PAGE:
The H2R Racers

The Kawasaki H2 Mach IV was a 750 cc 3-cylinder two-stroke assembly motorcycle constructed by Kawasaki Heavy Industries, another Kawasaki Triple sold from September 1971 to 1975.
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An average, factory-made H2 was capable of speeding and travel up to a fourth a mile in 12.0 seconds. Its handling was significantly superior to its predecessor and first Kawasaki Triple, the Mach III. By the criteria of its time, it was enough to make it the production bike to beat on the race track.

On the other hand, the H2 also came with its difficulties, just like the Mach III. In the former’s case, it had the propensity to pull wheelies and its driving felt somewhat less than solid when accelerating through corners, which led to a number of changed to be performed as the series and the design evolved. Still, it was the one that gave Kawasaki its reputation for their “terrifyingly fast, nice-looking, no holds barred” motorcycles, as described by the motorcycle journalist Alastair Walker.

As a whole, H2 device was a 3-cylinder two-stroke with an engine dislodgment of 748 cc (45.6 cubic inches) which created 74 horsepower (55 kW) at 6,800 rpm, a power-to-weight ratio of 1 hp (0.75 kW) to every 5.7 lb (2.6 kg) of weight – an entirely new engine and not a second 500. This turned it into the rapidest fast-tracking motorcycle in production; contrasting to the H1 500, the 750 had much more depleted locomotive speed rotating force, with a solid eruption of power beginning at 3,500 rpm to the 7,500 rpm red line.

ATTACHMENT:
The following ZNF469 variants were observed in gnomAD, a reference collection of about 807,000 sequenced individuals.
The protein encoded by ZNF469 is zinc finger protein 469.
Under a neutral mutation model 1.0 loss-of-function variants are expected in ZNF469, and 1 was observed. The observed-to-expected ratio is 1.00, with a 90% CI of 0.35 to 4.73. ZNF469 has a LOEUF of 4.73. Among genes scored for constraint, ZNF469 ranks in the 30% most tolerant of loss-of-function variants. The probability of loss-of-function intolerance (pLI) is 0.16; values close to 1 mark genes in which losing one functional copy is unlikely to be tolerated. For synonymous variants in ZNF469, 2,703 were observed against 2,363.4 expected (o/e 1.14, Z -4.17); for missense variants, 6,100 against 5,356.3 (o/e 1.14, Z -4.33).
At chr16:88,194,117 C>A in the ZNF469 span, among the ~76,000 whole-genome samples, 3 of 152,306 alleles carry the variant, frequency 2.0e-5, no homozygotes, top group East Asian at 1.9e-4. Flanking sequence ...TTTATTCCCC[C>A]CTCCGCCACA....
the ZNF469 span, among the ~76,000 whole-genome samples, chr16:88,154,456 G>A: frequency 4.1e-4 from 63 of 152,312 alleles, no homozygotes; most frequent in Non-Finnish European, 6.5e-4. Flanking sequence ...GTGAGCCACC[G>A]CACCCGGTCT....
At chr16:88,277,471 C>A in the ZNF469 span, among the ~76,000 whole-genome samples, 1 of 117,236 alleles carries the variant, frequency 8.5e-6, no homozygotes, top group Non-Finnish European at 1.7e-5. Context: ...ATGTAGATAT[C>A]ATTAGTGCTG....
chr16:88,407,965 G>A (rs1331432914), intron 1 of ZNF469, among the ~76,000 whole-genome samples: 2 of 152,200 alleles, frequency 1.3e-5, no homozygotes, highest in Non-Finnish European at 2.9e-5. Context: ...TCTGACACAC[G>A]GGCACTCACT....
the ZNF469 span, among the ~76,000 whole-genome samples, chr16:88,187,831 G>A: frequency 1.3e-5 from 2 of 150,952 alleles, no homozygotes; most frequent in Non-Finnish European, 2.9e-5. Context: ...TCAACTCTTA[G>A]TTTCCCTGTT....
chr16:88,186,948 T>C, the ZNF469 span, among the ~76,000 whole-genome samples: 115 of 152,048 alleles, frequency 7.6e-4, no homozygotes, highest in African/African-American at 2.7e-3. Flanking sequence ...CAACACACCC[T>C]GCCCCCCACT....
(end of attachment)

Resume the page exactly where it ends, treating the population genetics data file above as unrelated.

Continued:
Great Photos of H2 – Click Motorcycle Above

The 1972 H2 came with a sole front disc brake, though a second disc brake was an elective piece to be included if wished by the racer; an all-new capacitor discharge ignition (CDI) system exclusive to the bike, a chain oiler, a navigation resistance curb and a hydraulic one, and a race end that accommodated the rear light in conjunction with a tiny stowage space. The 1973’s version received a few inconsequential mechanical modifications to the carburetor jets, oil injection pump and cylinder port timing in an attempt to get more MPG from the H2A. Nevertheless, these alterations did not affect the bike’s power and the 1972’s remained as the most powerful H2 model.

In 1974 the H2B’s device was adapted for more elegant performance but sacrificing raw power in exchange. Specifically, the power was decreased to 71 horsepower (53 kW) at 6,800 rpm.

Amongst the changes done to this model, there were:

The race tail was reduced.

An oil-based navigation curb and check valve were adjoined.

The oil injection structure was largely reformed with two isolated groups of injection lines.

Oil was inserted into the carburetors on an unconnected line with an outlet to each carburetor.

The oil dose to the bottom end courses (main and rod big ends) was taken as an array of three single lines.

A longer swing arm was added for bettering steadiness.

The final model had a weight of 459 lb. (208 kg).

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